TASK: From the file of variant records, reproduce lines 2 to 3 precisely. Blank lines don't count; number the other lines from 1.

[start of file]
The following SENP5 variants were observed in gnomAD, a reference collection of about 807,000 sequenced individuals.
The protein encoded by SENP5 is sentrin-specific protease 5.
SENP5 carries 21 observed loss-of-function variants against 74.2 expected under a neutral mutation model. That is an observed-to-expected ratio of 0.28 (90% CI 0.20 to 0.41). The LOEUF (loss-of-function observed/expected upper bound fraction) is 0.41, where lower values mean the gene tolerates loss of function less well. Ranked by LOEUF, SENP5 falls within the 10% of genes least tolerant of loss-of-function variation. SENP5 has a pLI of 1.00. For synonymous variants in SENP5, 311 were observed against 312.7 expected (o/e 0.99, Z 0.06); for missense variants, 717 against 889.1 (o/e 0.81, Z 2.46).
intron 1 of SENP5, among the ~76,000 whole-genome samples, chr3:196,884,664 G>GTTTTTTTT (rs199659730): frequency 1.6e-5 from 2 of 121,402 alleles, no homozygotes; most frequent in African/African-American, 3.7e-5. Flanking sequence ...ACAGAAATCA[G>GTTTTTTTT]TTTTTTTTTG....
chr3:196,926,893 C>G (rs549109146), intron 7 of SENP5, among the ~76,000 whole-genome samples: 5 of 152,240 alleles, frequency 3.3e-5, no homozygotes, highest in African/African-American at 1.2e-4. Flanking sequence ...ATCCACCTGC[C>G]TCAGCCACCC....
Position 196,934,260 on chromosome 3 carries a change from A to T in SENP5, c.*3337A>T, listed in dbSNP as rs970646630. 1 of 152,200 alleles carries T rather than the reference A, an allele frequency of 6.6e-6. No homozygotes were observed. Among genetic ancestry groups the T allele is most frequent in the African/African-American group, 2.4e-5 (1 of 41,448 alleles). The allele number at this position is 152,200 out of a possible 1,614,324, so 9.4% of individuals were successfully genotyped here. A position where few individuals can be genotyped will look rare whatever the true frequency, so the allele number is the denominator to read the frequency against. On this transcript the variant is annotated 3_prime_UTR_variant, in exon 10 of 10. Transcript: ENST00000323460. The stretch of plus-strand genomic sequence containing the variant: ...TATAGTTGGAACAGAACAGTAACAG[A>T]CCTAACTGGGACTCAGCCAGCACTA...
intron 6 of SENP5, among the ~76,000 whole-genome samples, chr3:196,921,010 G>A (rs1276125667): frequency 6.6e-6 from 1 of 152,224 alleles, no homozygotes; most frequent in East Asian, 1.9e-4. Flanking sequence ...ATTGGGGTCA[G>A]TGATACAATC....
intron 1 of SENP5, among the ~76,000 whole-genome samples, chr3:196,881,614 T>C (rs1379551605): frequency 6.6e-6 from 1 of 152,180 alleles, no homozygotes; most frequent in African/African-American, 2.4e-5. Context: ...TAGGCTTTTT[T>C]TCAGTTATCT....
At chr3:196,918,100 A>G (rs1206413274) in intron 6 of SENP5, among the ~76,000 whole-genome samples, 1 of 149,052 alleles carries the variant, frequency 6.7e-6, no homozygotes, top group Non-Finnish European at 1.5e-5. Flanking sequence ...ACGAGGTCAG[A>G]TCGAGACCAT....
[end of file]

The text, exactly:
The protein encoded by SENP5 is sentrin-specific protease 5.
SENP5 carries 21 observed loss-of-function variants against 74.2 expected under a neutral mutation model. That is an observed-to-expected ratio of 0.28 (90% CI 0.20 to 0.41). The LOEUF (loss-of-function observed/expected upper bound fraction) is 0.41, where lower values mean the gene tolerates loss of function less well. Ranked by LOEUF, SENP5 falls within the 10% of genes least tolerant of loss-of-function variation. SENP5 has a pLI of 1.00. For synonymous variants in SENP5, 311 were observed against 312.7 expected (o/e 0.99, Z 0.06); for missense variants, 717 against 889.1 (o/e 0.81, Z 2.46).